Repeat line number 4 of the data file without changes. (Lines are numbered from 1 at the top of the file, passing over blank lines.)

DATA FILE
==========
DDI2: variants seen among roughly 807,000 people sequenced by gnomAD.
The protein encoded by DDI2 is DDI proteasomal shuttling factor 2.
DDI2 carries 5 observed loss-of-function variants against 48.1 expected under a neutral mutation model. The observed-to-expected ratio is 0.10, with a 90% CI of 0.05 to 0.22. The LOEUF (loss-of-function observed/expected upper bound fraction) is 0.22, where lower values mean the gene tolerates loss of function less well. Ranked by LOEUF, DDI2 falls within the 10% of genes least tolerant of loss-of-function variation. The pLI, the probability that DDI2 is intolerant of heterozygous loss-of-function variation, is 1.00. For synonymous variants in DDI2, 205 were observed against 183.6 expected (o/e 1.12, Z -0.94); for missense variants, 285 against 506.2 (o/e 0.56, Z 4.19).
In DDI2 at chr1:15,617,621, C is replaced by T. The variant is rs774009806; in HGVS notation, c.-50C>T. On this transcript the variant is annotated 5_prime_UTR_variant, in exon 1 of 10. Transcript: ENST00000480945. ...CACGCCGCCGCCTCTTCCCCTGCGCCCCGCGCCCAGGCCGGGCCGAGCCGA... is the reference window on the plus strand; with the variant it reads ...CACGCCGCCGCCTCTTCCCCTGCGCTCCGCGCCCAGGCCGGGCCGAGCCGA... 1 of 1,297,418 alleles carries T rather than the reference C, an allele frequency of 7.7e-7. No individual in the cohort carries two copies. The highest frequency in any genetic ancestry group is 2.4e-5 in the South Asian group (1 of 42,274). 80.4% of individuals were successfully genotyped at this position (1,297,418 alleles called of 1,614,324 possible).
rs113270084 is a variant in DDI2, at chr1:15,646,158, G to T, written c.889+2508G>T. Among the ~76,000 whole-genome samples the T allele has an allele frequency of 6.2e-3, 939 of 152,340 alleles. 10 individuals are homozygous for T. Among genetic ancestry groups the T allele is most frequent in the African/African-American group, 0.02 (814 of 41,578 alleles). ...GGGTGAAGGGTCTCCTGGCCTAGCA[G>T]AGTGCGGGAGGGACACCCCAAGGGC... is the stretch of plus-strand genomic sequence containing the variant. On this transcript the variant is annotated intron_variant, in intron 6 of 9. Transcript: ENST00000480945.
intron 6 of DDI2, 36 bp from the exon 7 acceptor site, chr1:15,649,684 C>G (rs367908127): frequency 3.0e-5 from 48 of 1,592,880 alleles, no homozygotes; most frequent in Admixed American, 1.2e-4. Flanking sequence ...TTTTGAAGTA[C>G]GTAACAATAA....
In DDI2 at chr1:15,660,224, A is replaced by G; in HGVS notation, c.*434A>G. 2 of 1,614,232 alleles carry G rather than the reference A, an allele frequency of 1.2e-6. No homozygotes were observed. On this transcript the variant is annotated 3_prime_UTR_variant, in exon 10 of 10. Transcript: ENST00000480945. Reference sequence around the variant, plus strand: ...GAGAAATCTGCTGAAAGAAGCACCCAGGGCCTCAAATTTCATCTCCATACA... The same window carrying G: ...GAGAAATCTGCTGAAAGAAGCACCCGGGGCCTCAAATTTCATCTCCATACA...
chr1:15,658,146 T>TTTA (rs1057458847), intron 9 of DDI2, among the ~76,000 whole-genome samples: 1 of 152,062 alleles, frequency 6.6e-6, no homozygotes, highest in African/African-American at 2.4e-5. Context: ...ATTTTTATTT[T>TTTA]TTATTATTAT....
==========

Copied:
In DDI2 at chr1:15,617,621, C is replaced by T. The variant is rs774009806; in HGVS notation, c.-50C>T. On this transcript the variant is annotated 5_prime_UTR_variant, in exon 1 of 10. Transcript: ENST00000480945. ...CACGCCGCCGCCTCTTCCCCTGCGCCCCGCGCCCAGGCCGGGCCGAGCCGA... is the reference window on the plus strand; with the variant it reads ...CACGCCGCCGCCTCTTCCCCTGCGCTCCGCGCCCAGGCCGGGCCGAGCCGA... 1 of 1,297,418 alleles carries T rather than the reference C, an allele frequency of 7.7e-7. No individual in the cohort carries two copies. The highest frequency in any genetic ancestry group is 2.4e-5 in the South Asian group (1 of 42,274). 80.4% of individuals were successfully genotyped at this position (1,297,418 alleles called of 1,614,324 possible).